Daemon does a lot of time and materials work for clients from operational support and maintenance through to feature development. If you're not careful you can die from a thousand cuts as you keep estimating work that folks never follow through with.
A developer cannot provide an estimate on any issue without first investigating the issue. Some issues will be simple to address and should be addressed immediately. Others will be more complex and once investigated should give an indication of the total time required to address. In any event, if the work is performed under time and materials and any time spent estimating should be charged.
As a consequence of these bug-fixing realities we recommend the following to t&m clients:
- A. Anything under 4 hours should be addressed immediately. Any work under four hours typically takes as much time to investigate as it does to address. Not addressing these tasks immediately will significantly increase the cost of repairing these minor issues.
- B. As soon as we realise an issue will take a substantial amount of time (ie more than 4 hours) we estimate and await approval. Given budget constraints, its useful to know what might represent a significant time sink and have the option to re-prioritise the work accordingly.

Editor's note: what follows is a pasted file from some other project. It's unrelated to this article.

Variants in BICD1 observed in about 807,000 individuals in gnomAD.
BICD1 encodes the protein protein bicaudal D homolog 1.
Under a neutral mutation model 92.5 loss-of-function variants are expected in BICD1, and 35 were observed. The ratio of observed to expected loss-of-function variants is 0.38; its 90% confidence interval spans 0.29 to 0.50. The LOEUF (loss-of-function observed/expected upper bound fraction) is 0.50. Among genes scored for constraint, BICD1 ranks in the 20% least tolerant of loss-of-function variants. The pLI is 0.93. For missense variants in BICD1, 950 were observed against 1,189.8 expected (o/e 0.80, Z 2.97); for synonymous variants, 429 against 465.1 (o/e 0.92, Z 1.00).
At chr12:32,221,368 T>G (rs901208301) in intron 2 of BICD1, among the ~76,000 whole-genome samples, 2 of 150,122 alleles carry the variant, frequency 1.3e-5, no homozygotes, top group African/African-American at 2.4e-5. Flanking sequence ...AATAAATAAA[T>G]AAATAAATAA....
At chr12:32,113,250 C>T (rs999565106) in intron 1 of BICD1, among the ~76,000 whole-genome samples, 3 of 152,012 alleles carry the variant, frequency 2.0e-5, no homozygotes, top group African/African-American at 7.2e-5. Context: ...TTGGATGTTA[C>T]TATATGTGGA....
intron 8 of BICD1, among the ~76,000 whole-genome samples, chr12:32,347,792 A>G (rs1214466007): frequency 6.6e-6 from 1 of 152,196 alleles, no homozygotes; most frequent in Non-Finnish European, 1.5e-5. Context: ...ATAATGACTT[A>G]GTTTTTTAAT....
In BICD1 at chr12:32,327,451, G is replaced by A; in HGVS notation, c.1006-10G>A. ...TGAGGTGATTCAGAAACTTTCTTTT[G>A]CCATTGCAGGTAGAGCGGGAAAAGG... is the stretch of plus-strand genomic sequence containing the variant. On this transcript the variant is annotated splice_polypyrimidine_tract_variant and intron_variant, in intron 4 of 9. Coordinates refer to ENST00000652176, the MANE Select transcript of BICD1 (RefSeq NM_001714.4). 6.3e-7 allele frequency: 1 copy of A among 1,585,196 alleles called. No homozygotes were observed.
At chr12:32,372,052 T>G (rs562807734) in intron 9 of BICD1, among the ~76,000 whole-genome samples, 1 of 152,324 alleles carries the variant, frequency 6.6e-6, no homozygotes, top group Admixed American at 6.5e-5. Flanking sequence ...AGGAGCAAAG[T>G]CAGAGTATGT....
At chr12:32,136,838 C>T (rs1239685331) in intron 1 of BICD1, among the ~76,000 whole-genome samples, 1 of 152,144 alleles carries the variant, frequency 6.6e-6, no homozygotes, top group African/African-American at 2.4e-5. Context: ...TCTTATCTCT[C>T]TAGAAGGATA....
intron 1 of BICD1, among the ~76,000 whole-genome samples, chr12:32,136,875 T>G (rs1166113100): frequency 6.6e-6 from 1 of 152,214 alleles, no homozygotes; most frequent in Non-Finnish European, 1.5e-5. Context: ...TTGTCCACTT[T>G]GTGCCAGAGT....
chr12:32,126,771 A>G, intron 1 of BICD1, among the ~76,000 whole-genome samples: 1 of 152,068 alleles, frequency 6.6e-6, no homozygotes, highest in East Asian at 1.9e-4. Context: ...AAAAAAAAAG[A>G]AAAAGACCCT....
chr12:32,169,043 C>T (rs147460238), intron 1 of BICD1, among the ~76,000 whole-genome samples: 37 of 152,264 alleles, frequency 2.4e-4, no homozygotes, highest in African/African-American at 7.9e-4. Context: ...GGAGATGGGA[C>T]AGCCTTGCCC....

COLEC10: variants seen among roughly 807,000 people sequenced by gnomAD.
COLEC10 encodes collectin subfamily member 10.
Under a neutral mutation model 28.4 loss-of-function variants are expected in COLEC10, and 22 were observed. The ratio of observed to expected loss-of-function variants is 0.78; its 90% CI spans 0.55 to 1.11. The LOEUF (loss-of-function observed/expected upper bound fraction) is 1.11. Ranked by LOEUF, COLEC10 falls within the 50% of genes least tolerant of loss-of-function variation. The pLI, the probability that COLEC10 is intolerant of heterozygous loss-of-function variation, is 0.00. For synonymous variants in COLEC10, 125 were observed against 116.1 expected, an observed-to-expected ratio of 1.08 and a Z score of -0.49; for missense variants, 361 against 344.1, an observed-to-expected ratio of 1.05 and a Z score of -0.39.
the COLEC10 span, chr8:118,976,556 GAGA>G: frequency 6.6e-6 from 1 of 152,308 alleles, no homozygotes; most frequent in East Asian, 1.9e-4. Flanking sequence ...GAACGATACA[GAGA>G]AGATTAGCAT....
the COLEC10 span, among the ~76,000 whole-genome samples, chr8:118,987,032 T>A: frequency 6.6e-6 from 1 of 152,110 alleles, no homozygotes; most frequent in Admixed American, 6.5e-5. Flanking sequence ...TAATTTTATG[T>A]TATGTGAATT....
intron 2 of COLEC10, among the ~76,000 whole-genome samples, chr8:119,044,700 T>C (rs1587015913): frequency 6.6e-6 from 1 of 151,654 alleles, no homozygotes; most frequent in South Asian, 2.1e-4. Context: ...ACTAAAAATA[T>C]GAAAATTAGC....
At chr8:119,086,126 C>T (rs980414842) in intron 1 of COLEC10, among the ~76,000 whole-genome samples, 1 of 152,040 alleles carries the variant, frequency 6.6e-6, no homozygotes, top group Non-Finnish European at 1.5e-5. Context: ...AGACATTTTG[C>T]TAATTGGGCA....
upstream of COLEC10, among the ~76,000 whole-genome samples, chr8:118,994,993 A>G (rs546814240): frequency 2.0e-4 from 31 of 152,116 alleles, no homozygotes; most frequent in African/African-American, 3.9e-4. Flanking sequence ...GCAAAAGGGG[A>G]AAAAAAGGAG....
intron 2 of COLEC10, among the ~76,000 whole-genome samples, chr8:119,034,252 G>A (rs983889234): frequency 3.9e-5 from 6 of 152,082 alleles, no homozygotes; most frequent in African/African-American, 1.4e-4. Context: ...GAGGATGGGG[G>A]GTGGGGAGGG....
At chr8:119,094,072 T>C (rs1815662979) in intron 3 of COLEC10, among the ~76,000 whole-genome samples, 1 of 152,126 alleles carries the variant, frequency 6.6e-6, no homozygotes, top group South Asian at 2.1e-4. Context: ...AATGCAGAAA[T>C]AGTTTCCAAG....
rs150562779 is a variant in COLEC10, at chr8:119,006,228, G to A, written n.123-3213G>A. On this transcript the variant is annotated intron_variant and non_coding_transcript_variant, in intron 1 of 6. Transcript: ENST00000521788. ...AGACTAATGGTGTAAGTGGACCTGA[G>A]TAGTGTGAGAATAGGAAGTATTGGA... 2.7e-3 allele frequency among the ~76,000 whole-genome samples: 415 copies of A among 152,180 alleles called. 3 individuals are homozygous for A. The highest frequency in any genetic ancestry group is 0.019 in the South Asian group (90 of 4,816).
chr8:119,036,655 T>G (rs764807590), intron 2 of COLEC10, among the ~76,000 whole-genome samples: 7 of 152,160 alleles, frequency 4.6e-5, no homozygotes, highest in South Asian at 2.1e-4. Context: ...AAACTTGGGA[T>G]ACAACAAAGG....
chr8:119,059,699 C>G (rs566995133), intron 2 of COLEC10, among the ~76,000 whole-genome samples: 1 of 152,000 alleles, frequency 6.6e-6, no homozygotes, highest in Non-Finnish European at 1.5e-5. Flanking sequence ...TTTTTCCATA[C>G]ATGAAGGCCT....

The problem with bug fixing is that its almost impossible to accurately determine how long it will take to fix until you work your way through the code and understand the nature of the bug. This can take anywhere from minutes to hours.
It is highly likely that many issues will take a lot less than 4 hours to fix or estimate. From experience we find that 4 hours is a good cut off point -- if you can't fix a bug in 4 hours then it may actually be an enhancement, or it needs greater scrutiny to determine whether or not the developer should be persevering with a fix at all.
In any event, at the end of that discovery period the client has much more than an estimate. The outcome includes recommendations for addressing the issue, alternative approaches to the problem or at the very least a list of things the bug is not.
Immediate estimates based purely on the user's account of the bug are nearly always wildly inaccurate.
With this approach to time and materials development we're aiming to be as transparent and as pragmatic as possible by addressing issues as soon as a solution is known, or giving realistic estimates as soon as we have a proper understanding of the underlying problem or request.